Letter in Defence of the Deua River, its Ecosystem, and its People

In the bleary-eyed minutes before the midnight deadline on August 26, I submitted the following letter in opposition to Unity Mining’s plans to mine and process gold ore using cyanide at the headwaters of the Deua River, Australia. I offer it to the ether.

1. Objection to the Dargues Gold Mine: Modification 3

Over the last six years, I’ve explored dozens of rivers in Canada, the United States, and Chilean Patagonia by raft and kayak.  I’ve rowed and paddled thousands of river miles from sleepy flatwater to rapids at the upper limit of commercial navigability. As a river guide, I’ve introduced an inquisitive, international public to the beauty and rush of freshwater in motion, and to the humbling grandeur of its framing landscapes, from alpine forests to cacti-studded deserts. And I’ve witnessed the consequences of a Tailings Storage Facility spill in a freshwater ecosystem, smelled its septic waft and felt its toxicity in the pores of my skin. I’ve listened to the denial of accountability that follows, the down-playing of disaster by mining officials and government alike. I’ve watched as the cost of clean-up skyrockets over the bond fronted by the company responsible, and into the stratosphere of public funds, despite the underlying impossibility of rehabilitation except by the passage of decades, centuries, or millennia. Continue reading


Unwinter on the Rogue River

Rogue river 2015

19/02 – 22/02, 2015

We bowled South down the Washington interstate in the invincible two-door Honda with rasping brakes. Polished pickups slurped by, personal freighters purchased in a gas price slump like flaming skull tattoos commissioned in an hour of drunkenness. Four tonnes of steel and four hundred horsepower to carry one marginally overweight male and his cell phone along a paved highway. I looked to the baking February sky for signs of winter. Does Mr Bigfootprint notice that something is not quite right with the seasons? Does he make the connection? My thoughts idled away as my foot grew heavy on the pedal. We crossed the Columbia River into Oregon, pylon shadows weaving across the hood. Continue reading


Homewater

The Deua River borders my folk’s property in New South Wales, Australia. Since the age of 11, I’ve taken the plunge into the placid green rippling with eucalyptus trees lining the prehistoric forest. This is the swimming hole I dream about during years abroad, the gully that echoes in my mind when the otherwise abstract idea of ‘home’ is cast in conversation or printed on an immigration form. Continue reading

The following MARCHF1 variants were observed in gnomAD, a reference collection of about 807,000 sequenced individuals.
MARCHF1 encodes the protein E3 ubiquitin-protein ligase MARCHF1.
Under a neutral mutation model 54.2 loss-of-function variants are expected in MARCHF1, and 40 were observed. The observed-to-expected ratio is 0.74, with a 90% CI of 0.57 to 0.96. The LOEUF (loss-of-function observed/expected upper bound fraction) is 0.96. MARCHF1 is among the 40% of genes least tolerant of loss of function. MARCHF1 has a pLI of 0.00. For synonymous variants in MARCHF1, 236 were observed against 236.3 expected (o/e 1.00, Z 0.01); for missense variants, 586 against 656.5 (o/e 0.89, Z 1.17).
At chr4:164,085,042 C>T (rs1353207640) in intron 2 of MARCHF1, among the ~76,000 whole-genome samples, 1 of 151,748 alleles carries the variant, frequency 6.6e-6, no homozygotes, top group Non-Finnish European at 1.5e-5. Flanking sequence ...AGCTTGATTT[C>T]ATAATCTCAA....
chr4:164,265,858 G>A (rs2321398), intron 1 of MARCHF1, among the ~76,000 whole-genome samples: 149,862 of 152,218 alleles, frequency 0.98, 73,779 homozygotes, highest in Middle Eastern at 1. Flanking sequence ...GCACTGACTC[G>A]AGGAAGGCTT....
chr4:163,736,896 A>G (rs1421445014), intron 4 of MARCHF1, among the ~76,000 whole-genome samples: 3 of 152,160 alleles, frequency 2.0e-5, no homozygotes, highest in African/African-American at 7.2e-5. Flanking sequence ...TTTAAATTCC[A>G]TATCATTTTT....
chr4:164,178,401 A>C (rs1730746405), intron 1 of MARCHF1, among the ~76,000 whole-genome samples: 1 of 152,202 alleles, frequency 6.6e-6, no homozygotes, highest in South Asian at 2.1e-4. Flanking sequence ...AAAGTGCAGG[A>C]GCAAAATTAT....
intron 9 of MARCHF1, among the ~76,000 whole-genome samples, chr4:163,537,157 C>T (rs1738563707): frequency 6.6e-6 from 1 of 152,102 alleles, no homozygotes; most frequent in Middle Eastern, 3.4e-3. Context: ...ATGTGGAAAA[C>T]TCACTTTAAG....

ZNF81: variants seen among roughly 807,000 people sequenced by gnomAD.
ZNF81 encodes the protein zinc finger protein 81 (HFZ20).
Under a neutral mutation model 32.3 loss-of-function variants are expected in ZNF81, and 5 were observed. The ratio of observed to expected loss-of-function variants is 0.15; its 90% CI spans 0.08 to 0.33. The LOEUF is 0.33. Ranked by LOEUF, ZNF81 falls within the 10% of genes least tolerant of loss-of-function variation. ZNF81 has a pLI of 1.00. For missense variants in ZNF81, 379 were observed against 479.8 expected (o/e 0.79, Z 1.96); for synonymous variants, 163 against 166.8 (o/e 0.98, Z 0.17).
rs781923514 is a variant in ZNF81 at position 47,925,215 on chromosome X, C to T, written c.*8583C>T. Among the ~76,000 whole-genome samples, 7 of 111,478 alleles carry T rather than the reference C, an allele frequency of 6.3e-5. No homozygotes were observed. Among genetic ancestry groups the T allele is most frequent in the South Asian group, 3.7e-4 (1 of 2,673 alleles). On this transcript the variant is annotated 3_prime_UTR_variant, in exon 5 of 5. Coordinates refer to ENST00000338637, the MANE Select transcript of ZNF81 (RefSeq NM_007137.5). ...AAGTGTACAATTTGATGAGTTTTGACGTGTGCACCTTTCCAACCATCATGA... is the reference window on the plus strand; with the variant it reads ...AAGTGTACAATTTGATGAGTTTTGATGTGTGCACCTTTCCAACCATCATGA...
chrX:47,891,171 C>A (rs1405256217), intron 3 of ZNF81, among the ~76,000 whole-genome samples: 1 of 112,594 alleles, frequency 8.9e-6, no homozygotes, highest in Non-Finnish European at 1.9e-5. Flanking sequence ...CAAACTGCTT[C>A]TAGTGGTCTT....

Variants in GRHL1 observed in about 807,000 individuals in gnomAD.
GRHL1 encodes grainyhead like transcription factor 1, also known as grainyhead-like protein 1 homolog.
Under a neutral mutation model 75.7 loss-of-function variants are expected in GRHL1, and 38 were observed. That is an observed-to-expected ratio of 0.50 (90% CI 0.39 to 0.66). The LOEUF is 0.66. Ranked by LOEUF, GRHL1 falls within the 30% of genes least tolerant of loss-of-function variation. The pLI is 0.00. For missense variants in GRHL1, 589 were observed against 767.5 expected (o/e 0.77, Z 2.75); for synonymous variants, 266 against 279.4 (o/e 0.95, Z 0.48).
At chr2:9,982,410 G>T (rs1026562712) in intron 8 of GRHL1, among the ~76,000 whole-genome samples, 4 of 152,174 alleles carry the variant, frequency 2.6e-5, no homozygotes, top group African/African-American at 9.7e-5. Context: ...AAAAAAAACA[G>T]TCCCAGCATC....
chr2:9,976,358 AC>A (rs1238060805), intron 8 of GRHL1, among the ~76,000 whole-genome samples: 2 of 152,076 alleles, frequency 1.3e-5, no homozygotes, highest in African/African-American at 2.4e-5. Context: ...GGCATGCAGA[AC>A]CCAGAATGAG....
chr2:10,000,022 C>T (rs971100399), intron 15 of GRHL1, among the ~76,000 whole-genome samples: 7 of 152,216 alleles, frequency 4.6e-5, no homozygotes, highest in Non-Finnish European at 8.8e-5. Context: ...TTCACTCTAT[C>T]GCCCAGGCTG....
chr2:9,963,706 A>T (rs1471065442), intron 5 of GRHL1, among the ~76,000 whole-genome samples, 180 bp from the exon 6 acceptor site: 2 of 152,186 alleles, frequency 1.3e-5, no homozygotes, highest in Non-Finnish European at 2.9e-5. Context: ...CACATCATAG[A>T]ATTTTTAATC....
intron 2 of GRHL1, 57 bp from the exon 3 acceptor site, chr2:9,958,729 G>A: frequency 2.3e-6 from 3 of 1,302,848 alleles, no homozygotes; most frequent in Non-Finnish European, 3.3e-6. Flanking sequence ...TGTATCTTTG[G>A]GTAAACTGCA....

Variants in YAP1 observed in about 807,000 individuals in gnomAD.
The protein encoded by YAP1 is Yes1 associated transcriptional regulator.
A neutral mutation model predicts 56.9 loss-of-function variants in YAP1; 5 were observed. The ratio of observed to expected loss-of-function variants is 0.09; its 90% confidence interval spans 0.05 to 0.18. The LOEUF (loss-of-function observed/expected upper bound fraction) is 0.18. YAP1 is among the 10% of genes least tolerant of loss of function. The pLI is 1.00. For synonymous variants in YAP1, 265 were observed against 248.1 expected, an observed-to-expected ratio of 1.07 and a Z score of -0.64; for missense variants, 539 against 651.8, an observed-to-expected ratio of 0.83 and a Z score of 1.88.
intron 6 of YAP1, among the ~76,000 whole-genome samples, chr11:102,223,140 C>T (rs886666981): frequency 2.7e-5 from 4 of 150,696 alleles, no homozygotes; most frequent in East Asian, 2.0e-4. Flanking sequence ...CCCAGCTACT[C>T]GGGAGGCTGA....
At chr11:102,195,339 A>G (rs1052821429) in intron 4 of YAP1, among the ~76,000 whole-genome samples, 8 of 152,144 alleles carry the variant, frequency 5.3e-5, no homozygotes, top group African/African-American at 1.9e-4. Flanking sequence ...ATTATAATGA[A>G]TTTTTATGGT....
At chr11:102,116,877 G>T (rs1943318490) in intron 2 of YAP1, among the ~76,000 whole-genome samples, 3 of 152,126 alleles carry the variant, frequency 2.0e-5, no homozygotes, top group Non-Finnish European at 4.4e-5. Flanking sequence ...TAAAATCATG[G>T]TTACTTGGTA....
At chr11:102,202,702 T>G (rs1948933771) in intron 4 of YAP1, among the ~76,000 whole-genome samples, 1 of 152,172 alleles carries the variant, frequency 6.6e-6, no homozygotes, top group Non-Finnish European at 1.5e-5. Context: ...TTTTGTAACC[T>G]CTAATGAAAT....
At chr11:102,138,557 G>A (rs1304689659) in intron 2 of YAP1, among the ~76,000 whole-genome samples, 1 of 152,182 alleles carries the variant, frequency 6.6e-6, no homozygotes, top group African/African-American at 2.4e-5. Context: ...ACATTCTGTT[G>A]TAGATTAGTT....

Moto Tramp 125cc_part XV: Devilspawn

12/03/14 – 13/03/14

Still in Puerto Pyramides, Peninsula Valdes, Argentina

The mosquito  is among the most readily despised of all lifeforms on Earth. More airborne than the leech, more illusive than the paralysis tick, more numerous than the Wall Street stock broker. Mosquitos were designed by the Devil to seek out the ear of a sleeping human, and beat their wings at a trillion times per second, pausing to sip blood from shallow capillaries. If convenient, they’ll stick you with a blood-borne disease. And when you come unasleep to their near-subliminal buzz, swatting at the darkness and scratching the pinprick welts on your face and knuckles, they’ll dance out of reach, riding the updraught of your semi-conscious flailing. There they’ll hover unseen, just long enough for you to process the sleep-drugged notion that you’ve won. Then, as you chase the disintegrating elements of your dream back into the underworld, they’ll descend from the ceiling, light on a freshly exposed vein, juicy with the pulse of your reveries. They’ll probe for a lucky pore, inject their needle-mouth with surgical indifference, drink triple their weight in blood, and return to restricted earspace to buzz and itch you from sleep once more. They won’t be satisfied at midnight, won’t leave you alone by one. They will not rest until they’ve borne into your ear and gorged on your dreams. Continue reading


Moto Tramp 125cc_part XIV: Dri-Rider

09/3/14 – 11/3/14

Puerto Pyramides Punta Norte – and back to Puerto Pyramides

(all this takes place on Peninsula Valdes, Argentina)

The beach of Puerto Pyramides was unpeopled, the ocean still and cool. Nerves flinched against ankle-waves before the plunge. A few freestyle strokes turned my core into a reactor, and I was warmer swimming than when I hesitated in the evening breeze. Continue reading


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